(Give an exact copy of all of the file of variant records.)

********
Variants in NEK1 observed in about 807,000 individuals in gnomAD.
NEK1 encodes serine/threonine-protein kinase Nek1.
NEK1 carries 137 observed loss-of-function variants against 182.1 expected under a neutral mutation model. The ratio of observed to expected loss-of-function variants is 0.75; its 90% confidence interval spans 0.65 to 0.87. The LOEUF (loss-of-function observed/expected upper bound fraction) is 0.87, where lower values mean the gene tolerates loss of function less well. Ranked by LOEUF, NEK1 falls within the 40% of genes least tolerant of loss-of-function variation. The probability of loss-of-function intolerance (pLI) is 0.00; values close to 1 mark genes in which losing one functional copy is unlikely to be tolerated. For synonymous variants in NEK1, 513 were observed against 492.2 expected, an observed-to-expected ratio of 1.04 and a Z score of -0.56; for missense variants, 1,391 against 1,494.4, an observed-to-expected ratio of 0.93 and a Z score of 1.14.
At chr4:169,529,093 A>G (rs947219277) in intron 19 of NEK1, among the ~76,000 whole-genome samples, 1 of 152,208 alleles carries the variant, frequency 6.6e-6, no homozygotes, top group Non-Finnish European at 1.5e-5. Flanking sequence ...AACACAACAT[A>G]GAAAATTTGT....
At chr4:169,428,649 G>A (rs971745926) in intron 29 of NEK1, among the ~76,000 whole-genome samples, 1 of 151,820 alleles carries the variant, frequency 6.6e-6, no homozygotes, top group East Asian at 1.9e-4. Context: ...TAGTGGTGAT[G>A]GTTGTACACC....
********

Variants in NEK1 observed in about 807,000 individuals in gnomAD.
NEK1 encodes serine/threonine-protein kinase Nek1.
NEK1 carries 137 observed loss-of-function variants against 182.1 expected under a neutral mutation model. The ratio of observed to expected loss-of-function variants is 0.75; its 90% confidence interval spans 0.65 to 0.87. The LOEUF (loss-of-function observed/expected upper bound fraction) is 0.87, where lower values mean the gene tolerates loss of function less well. Ranked by LOEUF, NEK1 falls within the 40% of genes least tolerant of loss-of-function variation. The probability of loss-of-function intolerance (pLI) is 0.00; values close to 1 mark genes in which losing one functional copy is unlikely to be tolerated. For synonymous variants in NEK1, 513 were observed against 492.2 expected, an observed-to-expected ratio of 1.04 and a Z score of -0.56; for missense variants, 1,391 against 1,494.4, an observed-to-expected ratio of 0.93 and a Z score of 1.14.
At chr4:169,529,093 A>G (rs947219277) in intron 19 of NEK1, among the ~76,000 whole-genome samples, 1 of 152,208 alleles carries the variant, frequency 6.6e-6, no homozygotes, top group Non-Finnish European at 1.5e-5. Flanking sequence ...AACACAACAT[A>G]GAAAATTTGT....
At chr4:169,428,649 G>A (rs971745926) in intron 29 of NEK1, among the ~76,000 whole-genome samples, 1 of 151,820 alleles carries the variant, frequency 6.6e-6, no homozygotes, top group East Asian at 1.9e-4. Context: ...TAGTGGTGAT[G>A]GTTGTACACC....